Spartan Marching Band searching for new members

While the athletes are iconic to the MSU sports world, there’s another group fans root for at every game and they’re looking for more to join. The Spartan Marching Band and Spartan Brass are searching for their next members. The marching band plays at the football games while brass plays at the other sporting events. There are between 70 and 80 spots available with the marching band this coming year from drum line to color guard to flag core. “Even if you’re on campus as a junior or senior, I would encourage you to come out and audition,” David Thornton, marching band director, said.

MSU seniors get ready to graduate

After years of classes, long hours at the library and cramming for exams, it’s finally arrived… graduation. This week marks the end of the spring semester which means graduation is right around the corner. Students are preparing for the big day by buying their cap and gown as well as the colored tassel to match their college. They can also be spotted throughout the campus taking pictures in their ceremony outfit at the historic locations that Michigan State is known for.

Only 25% of Michigan teachers recommend the job

By ZARIA PHILLIPS
Capital News Service

LANSING — Most teachers wouldn’t recommend that their students follow in their footsteps, according to a recent Michigan survey. Launch Michigan, a diverse coalition of groups that are sometimes at loggerheads but come together to advocate for education changes, reports that 75% of Michigan educators would not recommend education as a career. That contributes to the challenges of recruitment and retention, experts say. Launch Michigan is a coalition of business, teacher, administrator and other organizations seeking education reform. Their hope is to find solutions and strategies for the problems teachers face and retain more educators, said Emma White, the principal researcher at Emma White Research who did the survey.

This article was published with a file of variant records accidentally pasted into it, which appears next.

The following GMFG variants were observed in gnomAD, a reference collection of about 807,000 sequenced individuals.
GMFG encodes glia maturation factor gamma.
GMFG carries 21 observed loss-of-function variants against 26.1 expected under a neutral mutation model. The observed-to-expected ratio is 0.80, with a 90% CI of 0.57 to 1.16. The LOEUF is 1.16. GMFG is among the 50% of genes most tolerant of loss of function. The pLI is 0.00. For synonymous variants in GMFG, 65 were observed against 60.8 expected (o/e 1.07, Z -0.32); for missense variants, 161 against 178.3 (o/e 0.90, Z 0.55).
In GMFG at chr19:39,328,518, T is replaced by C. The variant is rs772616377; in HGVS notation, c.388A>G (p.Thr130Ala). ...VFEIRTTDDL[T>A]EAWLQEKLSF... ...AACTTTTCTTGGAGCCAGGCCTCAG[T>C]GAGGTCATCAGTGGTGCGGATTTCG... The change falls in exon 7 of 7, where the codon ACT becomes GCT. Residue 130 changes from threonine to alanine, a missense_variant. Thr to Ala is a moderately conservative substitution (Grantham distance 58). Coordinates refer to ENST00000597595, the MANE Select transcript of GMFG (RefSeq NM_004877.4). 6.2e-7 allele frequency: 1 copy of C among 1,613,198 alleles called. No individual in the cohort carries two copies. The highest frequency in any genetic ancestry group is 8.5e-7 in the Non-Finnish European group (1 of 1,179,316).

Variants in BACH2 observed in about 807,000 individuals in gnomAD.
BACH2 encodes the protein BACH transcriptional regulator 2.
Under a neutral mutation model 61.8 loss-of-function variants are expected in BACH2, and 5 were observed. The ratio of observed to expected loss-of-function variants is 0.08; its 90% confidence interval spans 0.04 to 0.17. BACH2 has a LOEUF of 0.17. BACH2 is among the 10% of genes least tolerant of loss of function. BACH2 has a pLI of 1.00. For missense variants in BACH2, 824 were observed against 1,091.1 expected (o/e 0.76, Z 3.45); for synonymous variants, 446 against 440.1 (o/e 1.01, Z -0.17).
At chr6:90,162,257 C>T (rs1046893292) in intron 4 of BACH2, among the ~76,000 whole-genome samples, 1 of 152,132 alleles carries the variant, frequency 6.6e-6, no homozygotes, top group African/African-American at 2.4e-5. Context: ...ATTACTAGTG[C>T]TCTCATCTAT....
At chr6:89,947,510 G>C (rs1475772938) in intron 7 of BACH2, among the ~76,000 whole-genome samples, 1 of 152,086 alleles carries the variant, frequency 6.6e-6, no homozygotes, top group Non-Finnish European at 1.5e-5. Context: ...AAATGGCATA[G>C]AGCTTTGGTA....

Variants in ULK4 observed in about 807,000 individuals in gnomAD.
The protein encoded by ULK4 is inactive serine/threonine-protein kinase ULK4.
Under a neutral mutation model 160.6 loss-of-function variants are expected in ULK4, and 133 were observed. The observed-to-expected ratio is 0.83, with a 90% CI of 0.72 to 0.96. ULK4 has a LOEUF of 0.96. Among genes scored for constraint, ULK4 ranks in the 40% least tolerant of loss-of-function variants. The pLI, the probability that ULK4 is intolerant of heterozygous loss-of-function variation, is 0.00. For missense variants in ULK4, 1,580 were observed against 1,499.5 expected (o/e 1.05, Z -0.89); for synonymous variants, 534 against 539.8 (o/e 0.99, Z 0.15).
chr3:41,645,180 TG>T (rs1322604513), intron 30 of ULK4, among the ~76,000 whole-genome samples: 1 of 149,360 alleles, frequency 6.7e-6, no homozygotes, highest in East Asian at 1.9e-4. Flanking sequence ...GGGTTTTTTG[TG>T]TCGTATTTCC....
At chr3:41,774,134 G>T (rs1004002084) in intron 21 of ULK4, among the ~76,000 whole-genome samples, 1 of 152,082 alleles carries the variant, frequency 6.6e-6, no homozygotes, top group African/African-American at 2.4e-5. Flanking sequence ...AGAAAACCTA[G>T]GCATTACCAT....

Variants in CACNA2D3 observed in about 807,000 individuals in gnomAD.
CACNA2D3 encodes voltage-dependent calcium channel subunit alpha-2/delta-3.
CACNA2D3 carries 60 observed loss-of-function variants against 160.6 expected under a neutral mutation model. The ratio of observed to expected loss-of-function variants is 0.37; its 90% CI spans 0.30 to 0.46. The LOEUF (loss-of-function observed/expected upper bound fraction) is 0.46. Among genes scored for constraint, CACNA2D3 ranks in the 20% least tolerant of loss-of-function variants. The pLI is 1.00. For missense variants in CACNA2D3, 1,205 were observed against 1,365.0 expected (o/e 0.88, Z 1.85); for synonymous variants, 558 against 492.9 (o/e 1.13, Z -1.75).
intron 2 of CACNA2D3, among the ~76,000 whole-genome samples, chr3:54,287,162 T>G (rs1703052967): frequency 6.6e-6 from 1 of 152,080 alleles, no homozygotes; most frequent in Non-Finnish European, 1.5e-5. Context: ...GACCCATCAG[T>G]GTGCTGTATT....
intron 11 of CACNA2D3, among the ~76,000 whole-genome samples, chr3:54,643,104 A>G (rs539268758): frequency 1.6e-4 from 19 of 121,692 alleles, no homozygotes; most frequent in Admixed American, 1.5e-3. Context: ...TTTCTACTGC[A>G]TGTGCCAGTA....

Michigan universities hit with state shortfall for tuition waivers

By MAXWELL EVANS
Capital News Service

LANSING — The state shortfall in funding a tuition waiver program for Native American students has more than doubled over the past decade, leaving universities to make up the growing difference. The North American Indian Tuition Waiver Program waives tuition and fees for eligible students attending public universities, community colleges and tribal colleges. Participants must be at least one-fourth Native American, enrolled in a federally recognized tribe and have been a Michigan resident for at least a year. The program is “imperative for our students to move forward” in their careers and lives, said Kerstine Bennington, the higher education specialist for the Little Traverse Bay Bands of Odawa Indians. She would know — she’s a former program participant who used her waiver to attend Michigan State University.

Schools buy local produce with state grants

By KALEY FECH
Capital News Service

LANSING — More Michigan students than ever have access to fresh produce, thanks to a state farm-to-school program. The 10 Cents a Meal for School Kids and Farms program this year provided 135,000 children with locally grown fresh fruits and vegetables. “I’m all about kids eating healthy food, and there’s nothing healthier than fresh produce that’s grown right in their home state,” said Diane Golzynski, the director of Health and Nutrition Services in the Department of Education. Grant-winning school districts purchase fresh fruits, vegetables or dried beans grown in Michigan. The schools report how many meals they served that contained the fresh produce.